If workers wellbeing and health are not in the mind of the employer and worker ultimately pay the price while in fact, their position in the market is weak, should Government interfere by upholding the regulations to protect workers? Unfortunately, regarding the labour-intensive minimum wage, this is not the case.  The Government is taking a stand on the economic rationale for fear of losing investors and jobs. The idea of unemployment rate increases that could create social and economic problems; the Government seems only to have one message to the labour market that it has only one option of forfeiting worker wellbeing and health by relaxing the principal idea of workers protection that underpins minimum wage conception in order to keep labour market stability.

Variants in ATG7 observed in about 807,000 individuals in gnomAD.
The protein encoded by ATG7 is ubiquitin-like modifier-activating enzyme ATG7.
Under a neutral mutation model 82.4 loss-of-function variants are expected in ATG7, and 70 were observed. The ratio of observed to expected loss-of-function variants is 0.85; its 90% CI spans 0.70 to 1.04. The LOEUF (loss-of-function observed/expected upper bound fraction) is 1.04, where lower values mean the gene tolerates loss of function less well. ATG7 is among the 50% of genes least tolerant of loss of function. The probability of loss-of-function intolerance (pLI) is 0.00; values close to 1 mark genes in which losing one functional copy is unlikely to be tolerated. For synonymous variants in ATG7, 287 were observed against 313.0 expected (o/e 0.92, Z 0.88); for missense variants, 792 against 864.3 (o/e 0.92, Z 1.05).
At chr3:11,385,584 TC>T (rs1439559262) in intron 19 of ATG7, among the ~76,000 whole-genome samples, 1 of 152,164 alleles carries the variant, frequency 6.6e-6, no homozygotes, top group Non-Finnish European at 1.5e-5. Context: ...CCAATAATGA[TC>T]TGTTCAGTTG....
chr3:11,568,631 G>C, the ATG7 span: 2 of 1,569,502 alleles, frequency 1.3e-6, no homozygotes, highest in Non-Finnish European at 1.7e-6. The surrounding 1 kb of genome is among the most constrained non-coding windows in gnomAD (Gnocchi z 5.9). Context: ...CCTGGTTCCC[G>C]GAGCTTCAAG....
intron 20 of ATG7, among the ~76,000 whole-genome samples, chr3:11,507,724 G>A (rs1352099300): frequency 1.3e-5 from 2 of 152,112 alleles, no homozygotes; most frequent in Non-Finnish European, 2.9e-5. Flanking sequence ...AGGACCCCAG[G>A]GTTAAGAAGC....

The notion that there is a regulatory gap (of labor-intensive wage) which pressures the executive branch to create a regulatory framework becomes somewhat absurd. Certain labour intensive industry (garment sector) falls into the industry (sector) classification. The minimum wage regulations stipulate that when a sector can agree on a different minimum wage (together with trade unions) as long as the sector based minimum wage amount is not set lower than the prevailing (provincial/municipal) minimum wage. The role of the executive branch, even when it acts as the legislative body as it sometimes does in Indonesian state administration system, is to review the process and approved on the agreed amount. It does not play an active role in determining the agreement processes or the result of but to monitor the prior and ensure that the later complies with the set regulations.